When we started Beautiful Everything just over 3 years ago, we found ourselves adopting the phrase “Do more and say less” frequently.
It’s simple phrase that neatly delivers what we believe in. Through the careful consideration and focus on customer, audience or user needs, your organisation should be able to make greater differentiation and value by analysing and potentially adapting a product or service delivery, than it could ever do by purely shouting about it.
We’ve spoken before about Jim Carroll’s views on this and the importance of product truth and how any communication should be rooted in this truth.
But it’s easier said than done. That’s why a marketing department at any organisation often spends more time focussing on the “saying” rather than the “doing”. It’s not just the marketing department’s fault either, let’s be clear about that. Organisational change or flexibility can be essential to allow a change in direction around a product or service and that’s not always seen as the marketing departments remit. However, if this product or service development is not the responsibility of the marketing team, that shouldn’t stop them from raising a concern or pushing for change from whoever is responsible from within their organisation.
So why isn’t it easy? Well, any change can be seen as a daunting prospect – why rock the boat when it’s still afloat? And once you’ve started rocking, what’s the next step? How do you suggest where to focus your energy on?
The Power of Insight.
Well we’d start with insight. If there’s a belief or concern that there’s an issue around a particular product or service, it’s going to be best to try and establish more details and move that belief into an insight powered objective view – these are much harder for anyone to ignore.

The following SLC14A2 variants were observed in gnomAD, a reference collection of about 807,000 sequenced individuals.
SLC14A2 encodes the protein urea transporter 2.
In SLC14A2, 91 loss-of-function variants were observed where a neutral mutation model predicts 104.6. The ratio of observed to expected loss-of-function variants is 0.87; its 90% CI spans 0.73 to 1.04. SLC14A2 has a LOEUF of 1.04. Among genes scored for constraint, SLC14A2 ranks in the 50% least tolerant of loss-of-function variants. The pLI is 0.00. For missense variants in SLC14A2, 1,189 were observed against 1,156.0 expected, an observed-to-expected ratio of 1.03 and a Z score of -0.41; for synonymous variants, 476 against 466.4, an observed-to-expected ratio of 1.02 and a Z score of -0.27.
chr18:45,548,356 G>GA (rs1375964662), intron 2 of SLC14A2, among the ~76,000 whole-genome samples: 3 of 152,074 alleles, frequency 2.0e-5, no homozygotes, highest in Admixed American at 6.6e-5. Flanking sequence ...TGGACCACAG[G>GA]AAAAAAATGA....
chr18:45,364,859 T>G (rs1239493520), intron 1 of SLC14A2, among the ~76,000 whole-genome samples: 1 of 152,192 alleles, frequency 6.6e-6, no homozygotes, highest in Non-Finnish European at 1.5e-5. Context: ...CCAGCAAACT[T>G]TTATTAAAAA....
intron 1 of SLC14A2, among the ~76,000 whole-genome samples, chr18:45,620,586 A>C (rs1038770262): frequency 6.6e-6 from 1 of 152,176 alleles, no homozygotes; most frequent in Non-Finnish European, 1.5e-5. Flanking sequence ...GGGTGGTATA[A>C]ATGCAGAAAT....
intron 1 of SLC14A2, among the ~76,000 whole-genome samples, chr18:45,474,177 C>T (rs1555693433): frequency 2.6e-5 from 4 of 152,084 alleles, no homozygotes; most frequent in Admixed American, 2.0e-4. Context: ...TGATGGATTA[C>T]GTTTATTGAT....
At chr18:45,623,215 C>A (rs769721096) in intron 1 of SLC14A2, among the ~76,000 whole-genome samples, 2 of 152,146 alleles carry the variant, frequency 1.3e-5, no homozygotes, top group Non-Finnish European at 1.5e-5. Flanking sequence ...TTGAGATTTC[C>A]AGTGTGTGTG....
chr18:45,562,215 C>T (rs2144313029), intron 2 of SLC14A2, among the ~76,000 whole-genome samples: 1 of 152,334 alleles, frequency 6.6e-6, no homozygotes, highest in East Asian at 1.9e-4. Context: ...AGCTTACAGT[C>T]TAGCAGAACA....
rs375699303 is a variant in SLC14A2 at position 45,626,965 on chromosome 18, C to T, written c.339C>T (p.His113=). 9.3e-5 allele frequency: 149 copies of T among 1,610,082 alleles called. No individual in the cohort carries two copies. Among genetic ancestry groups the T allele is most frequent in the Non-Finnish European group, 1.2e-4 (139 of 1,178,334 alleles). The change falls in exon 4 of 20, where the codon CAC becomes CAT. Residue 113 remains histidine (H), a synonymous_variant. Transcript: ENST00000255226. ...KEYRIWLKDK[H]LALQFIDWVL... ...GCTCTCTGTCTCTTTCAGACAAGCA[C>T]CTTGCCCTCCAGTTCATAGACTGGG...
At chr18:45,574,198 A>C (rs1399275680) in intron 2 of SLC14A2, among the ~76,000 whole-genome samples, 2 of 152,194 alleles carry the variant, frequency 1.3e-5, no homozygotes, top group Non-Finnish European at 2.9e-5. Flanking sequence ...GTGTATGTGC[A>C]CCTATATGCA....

Insights can be gained by many methods – user experience testing, face to face interviews, secret shopping to name but a few. With a number of research and insight activities a better and clearer picture starts to take shape. A picture that should hopefully allow you to change a product or service for the good of the user.
Investing time and money into projects such as these is the start of moving your organisation into one that does more and says less, creating a greater value for your users/customers/audience and differentiating you from your competitors.
I’ve been reviewing the latest work to come from the world-renowned agency Wieden & Kennedy’s London office this week on the F1 brand redevelopment, some really lovely creative work has come from it. But what really stood out was the clear role that research had played in this brand development work, conducted by Flamingo. The hope here is that the research is now not only informing the brand identity of F1, but is also playing a role in shaping the way F1 delivers its products and services to its customer/fan base.
Be brave and face real change, rather than rolling out the same plan as last year. But when you do, do it properly with an informed strategic plan based on genuine insights.